From Hawaii, Ohana Brown in concert
Kevin and Ikaika Brown on slack key guitars with guest hula dancer Ka’ena Brown make up Ohana (family) Brown, from Hawaii. Together with their guest Mark Nelson, on slack key guitar and dulcimer, they will play an evening of the best of Hawaiian music on Friday.
“I am thrilled,” says Joseph Guida, executive director of St. Joseph’s Cultural Center, “to have Ohana Brown performing here, not only because I love Hawaiian music, but because Kevin Brown is an old-style musician, while his son, Kevin, is more contemporary. So we have the past and present of Hawaiian music in one concert.”
Each of the performer’s story of his or her musical journey has interesting elements. Take, for example, Kevin Brown.
As a freshman in high school he cut a math class, heard slack key guitar music being played at a class nearby, and ultimately spent four years giving up his recesses to train with that teacher. “He taught me everything he knew,” says Brown of Henry Meyer.
From that point on Brown’s course was charted. Teaming up with his brother, the duo played in Maui for 18 years, cut an album “Ho’olu” that received an award nomination, and even taught for 15 years at the same high school where he learned slack key. Now Brown plays with his son, Ikaika.
Ikaika got the slack key bug when he was only 9. By 13 he recorded his original composition “Kalo Man,” which was nominated in 1997 as Most Promising Artist and Instrumental Album of the Year.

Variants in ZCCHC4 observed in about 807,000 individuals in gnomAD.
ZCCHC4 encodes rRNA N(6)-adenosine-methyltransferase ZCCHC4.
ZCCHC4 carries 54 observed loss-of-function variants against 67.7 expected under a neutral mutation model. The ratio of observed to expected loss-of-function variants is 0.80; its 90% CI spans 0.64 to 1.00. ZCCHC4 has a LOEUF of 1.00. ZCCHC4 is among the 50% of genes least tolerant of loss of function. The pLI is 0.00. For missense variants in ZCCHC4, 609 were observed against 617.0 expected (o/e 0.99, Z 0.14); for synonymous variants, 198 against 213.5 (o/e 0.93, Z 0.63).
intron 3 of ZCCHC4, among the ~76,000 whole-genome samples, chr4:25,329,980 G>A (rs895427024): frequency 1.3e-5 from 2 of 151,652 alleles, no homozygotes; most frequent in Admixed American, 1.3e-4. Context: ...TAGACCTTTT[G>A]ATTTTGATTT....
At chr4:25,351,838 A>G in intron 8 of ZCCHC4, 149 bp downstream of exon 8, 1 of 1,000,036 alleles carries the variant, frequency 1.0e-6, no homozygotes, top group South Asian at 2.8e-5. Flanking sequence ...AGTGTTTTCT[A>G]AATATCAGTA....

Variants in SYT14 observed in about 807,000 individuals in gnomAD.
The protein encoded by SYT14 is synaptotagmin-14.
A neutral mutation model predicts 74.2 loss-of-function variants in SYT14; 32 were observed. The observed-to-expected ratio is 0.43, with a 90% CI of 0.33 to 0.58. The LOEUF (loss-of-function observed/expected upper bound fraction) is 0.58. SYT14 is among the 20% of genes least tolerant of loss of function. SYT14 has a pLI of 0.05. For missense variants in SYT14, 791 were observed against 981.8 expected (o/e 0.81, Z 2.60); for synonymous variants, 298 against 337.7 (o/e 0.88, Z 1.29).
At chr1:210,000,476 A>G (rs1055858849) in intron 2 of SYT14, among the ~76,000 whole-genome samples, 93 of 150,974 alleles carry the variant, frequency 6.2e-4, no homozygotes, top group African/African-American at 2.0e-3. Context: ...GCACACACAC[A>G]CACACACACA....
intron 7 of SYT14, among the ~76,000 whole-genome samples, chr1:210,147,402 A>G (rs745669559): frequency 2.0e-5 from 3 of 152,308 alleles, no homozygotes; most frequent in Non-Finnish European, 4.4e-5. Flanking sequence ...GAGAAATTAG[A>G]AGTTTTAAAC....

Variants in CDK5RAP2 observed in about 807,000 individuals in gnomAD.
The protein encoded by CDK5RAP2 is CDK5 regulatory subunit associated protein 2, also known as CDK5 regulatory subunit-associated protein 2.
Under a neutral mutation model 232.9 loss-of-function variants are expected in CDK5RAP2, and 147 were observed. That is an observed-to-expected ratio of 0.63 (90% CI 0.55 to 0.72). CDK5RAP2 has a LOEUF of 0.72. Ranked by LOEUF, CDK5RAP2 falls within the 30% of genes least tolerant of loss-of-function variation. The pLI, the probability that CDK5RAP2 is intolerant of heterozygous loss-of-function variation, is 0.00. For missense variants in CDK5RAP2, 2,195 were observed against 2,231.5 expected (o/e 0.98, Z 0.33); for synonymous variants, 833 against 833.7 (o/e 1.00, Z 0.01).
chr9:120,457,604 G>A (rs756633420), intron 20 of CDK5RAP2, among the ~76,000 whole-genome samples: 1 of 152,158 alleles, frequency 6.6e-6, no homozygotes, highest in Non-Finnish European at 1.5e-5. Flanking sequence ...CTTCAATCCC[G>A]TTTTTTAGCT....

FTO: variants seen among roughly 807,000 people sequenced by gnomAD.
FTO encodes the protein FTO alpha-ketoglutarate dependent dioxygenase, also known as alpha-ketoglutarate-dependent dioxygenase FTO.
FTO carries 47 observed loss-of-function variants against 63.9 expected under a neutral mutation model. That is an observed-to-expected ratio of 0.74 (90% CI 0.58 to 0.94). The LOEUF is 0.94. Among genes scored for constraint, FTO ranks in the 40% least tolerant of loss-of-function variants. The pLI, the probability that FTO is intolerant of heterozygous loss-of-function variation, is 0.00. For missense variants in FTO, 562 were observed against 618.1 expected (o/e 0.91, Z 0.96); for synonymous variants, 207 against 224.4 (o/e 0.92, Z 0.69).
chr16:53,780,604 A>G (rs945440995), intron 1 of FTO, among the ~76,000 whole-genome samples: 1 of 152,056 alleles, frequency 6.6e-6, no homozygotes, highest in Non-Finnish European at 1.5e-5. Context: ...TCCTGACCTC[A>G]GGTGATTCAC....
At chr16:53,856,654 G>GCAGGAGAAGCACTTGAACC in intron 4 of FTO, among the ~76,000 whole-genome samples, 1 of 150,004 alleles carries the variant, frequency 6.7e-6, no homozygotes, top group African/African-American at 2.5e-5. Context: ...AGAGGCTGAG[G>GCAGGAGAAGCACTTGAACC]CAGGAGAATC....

In 2000, three generations of the Brown family men received an award for their trio endeavor, “Opiopio.”
Daughter and sister, Ka’ena, a law enforcement professional, helped make one of the Brown family’s recordings a hit with her singing. Now she joins performances when work permits.
Mark Nelson, the night’s only mainland resident, is a master of the Appalachian dulcimer and guitar, as well as the slack key guitar, about which he wrote a primer.
He also co-hosts the Aloha Music Camp, an week-long immersion into Hawaiian music and culture with Hawaii’s beloved Beamer Family, held each summer at a secluded rural retreat in the islands. Nelson’s most recent release, “The Water is Wide,” features music from islands real and imaginary.
What: Ohana Brown plays Hawaiian music
When: Friday, 7:30 p.m.
Where: St. Joseph’s Cultural Center, 410 S. Church St., Grass Valley
Admission: $17 at the door; $15 in advance at BriarPatch, Grass Valley; Love Shack Records, Nevada City; and Cherry Records, Auburn.
Information: Call 272-4725 or visit http://www.saintjosephsculturalcenter.org
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